Offshore Wind Projects Receive Boost from Massachusetts and Biden Administration

LCG, March 31, 2021--The Governor of Massachusetts signed legislation last Friday that authorizes the state to direct utilities to purchase an additional 2,400 MW of offshore wind energy by 2027.

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NV Energy's Greenlink Nevada Transmission Project Approved by PUCN

LCG, March 25, 2021--The Public Utilities Commission of Nevada (PUCN) on Monday approved proceeding with NV Energy's Greenlink Nevada transmission and renewable energy initiative. NV Energy's planned investment in Greenlink is over $2.5 billion.

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Industry News

Correction: San Francisco May Invest In Tidal Power

In yesterday's edition, the generating capacity of a possible tidal-based source of power for San Francisco was put at 2,000 megawatts. The true potential capacity is approximately 1,000 megawatts. While the cost of $2 million stated would be for a pilot project, a full installation is estimated to cost $600 million. The Board of Supervisors approved a pilot study yesterday. The study will likely require two years to complete. We regret the errors.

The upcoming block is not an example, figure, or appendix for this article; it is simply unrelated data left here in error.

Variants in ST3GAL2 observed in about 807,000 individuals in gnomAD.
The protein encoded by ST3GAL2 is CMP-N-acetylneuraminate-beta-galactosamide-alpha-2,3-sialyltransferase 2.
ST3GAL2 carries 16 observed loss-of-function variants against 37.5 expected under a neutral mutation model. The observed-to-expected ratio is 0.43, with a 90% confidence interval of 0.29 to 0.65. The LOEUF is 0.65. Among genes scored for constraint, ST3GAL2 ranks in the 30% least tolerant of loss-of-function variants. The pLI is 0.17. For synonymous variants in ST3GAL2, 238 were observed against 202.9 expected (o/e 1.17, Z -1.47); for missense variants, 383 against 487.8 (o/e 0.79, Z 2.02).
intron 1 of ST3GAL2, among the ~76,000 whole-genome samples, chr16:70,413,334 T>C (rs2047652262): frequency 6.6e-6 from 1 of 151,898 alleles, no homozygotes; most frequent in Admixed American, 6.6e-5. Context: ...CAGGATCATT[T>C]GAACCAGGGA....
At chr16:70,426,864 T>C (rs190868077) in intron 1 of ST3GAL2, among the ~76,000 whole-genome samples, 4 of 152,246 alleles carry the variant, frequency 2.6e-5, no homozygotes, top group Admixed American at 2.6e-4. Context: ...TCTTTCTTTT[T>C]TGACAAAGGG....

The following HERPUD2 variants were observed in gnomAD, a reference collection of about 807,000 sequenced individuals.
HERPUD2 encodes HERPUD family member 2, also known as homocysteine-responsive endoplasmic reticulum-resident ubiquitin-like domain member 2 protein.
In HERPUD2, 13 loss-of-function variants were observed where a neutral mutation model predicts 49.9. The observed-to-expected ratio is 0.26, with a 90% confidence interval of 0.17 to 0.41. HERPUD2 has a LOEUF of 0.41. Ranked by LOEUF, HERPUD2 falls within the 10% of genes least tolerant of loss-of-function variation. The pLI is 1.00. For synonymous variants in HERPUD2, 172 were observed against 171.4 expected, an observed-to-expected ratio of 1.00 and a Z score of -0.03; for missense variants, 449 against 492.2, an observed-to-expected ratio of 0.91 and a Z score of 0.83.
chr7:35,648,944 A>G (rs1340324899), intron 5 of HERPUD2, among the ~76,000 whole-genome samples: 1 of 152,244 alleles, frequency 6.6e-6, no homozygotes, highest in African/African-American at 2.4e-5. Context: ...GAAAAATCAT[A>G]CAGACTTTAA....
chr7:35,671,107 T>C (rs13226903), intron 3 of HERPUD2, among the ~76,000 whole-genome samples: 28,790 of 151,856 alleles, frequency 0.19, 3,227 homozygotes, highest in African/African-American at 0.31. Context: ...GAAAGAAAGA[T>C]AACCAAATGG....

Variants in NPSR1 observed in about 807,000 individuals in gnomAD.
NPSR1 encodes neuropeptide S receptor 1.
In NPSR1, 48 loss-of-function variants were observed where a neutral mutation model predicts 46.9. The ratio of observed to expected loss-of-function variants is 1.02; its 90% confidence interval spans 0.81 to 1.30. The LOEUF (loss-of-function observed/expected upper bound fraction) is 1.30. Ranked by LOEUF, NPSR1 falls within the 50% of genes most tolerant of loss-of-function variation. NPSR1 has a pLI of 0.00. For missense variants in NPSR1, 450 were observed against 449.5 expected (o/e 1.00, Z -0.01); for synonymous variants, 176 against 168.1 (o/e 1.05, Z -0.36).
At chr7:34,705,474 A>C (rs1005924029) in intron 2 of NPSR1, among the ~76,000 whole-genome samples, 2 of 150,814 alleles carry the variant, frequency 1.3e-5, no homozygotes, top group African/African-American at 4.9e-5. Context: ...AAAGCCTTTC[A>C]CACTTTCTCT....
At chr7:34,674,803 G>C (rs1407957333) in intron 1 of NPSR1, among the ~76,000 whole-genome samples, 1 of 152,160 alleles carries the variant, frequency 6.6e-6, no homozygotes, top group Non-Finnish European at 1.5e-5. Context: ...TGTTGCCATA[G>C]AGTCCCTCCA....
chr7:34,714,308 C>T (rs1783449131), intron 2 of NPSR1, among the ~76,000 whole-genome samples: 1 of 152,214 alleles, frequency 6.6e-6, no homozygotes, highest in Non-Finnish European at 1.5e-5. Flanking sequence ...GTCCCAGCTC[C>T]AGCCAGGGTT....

LCG, May 6, 2003The Board of Supervisors for the City of San Francisco is discussing the installation of tidal power generation in the Golden Gate.

Californias Golden Gate, or the mouth of the San Francisco Bay, sees considerable tidal current pass through it, estimated at an energy potential of 1,000 megawatts. San Francisco typically requires up to 860 megawatts of peak power.

A British-developed tidal power system, consisting of underwater turbines, might be tested if San Franciscos Department of the Environment has its way. HydroVenturi developed the system in question, and the project has been tentatively estimated to cost $600 million. A pilot project would cost $2 million. The company says its design avoids harming wildlife in its turbines, unlike other tidal generation plans criticized for being environmentally unsound.

HydroVenturis system uses the phenomenon known as the Bernoulli effect. When a fluid in a system increases in flow rate, the pressure of the faster moving fluid decreases with respect to slower moving fluid in the system. The companys generator takes advantage of this phenomenon by choking the flow of water through a variable width pipe in order to accelerate the fluid and then utilizing the subsequent pressure drop to drive turbines. These turbines can be located onshore, while the portion of generation submerged does not need any moving parts.

San Franciscos Board of Supervisors will vote today on whether or not to test the system.

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